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The Nightcrawler of Chicago

Posted by: | February 23, 2016 | No Comment |

Local crime reports appeal to many Americans, curious about the current state of events in their neighborhood. This need for news is paired with an expectation of timeliness, and the sensational topics of the day are awaited on the 6 o’clock news. Unfortunately, the press does not have the ability to be present at every crime scene. Some news occurs so rapidly that it is seemingly impossible to arrive in a timely manner and report the happenings in detail. This job is left open for the “nightcrawler”– the freelance vulture of the digital press. I can only relate this profession to something my father once said: “theres nothing wrong with being a garbageman, somebody’s gotta pickup the trash”.

These “nightcrawlers” record the devastation of local communities, so you can see it when you flip on the television. Popular culture has idolized these individuals, as they have been personified in the movie “nightcrawler”: a popular take on a freelance journalist who reports on the various graphic crimes of Los Angeles. Despite this fictional portrayal, there have existed a long line of journalists-to-be in this wild profession.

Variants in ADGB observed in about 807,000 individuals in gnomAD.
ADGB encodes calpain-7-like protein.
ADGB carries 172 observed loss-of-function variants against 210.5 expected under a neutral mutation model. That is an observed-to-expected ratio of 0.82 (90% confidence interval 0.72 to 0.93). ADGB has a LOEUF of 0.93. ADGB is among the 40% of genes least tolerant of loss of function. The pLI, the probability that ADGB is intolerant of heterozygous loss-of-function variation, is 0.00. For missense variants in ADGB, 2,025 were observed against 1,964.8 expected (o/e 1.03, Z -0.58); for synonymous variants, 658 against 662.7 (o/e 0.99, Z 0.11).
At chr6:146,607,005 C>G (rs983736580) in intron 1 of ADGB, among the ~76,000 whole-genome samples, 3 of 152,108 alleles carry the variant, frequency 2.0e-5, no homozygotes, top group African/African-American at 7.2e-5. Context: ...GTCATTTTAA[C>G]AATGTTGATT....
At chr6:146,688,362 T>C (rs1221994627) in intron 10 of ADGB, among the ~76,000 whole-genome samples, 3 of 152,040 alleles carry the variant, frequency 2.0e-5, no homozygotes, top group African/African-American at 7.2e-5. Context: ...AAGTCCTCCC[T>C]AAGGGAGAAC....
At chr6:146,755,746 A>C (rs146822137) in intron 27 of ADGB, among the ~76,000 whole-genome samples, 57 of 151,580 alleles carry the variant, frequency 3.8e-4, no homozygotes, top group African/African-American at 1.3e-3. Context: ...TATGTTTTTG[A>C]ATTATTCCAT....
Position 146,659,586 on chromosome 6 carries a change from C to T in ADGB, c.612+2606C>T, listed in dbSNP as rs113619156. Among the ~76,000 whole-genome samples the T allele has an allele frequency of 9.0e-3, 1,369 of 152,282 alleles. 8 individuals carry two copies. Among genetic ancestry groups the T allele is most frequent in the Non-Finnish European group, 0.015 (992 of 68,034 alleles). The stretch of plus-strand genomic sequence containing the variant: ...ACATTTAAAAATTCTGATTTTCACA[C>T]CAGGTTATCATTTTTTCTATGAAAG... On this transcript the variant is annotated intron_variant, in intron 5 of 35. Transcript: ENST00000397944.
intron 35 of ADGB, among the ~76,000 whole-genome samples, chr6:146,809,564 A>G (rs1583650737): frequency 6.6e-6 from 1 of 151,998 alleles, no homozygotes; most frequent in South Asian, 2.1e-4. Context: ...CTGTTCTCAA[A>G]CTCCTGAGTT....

Chicago knows no lack of violent crime stories. So far this year, the death toll has reached 91. Some see murder, others see opportunity. One Chicago nightcrawler under the alias of “Spot News” has made an appearance. This nightcrawler has appeared at crime scenes since 1991. His photos are graphic in nature, but have been dispersed to various news outlets throughout Chicago since it’s birth. These photos offer the inside look at the crime scene that every other news outlet can’t acquire. He utilizes police scanners to get to these crime scenes before anyone else can.


With all this negative publicity, someone is bound to get offended. Offended they are. Spot News has received countless death threats and harassment, but as Spot News states in the Daily Beast:”How do you tell the story of death without a body?”. For the families of the victims, Spot News’s images can be a shameful representation of their deceased loved one. One can only hope that this profession benefits society in some fashion. We’d like to think that these pictures will elucidate interest in preserving the lives of the youth. We’d also like to think that these images would instill some interest in fighting crime and black-on-black violence. But Chicago seems far from this state of mind, and as we progress into 2016, it seems as impossible as ever.


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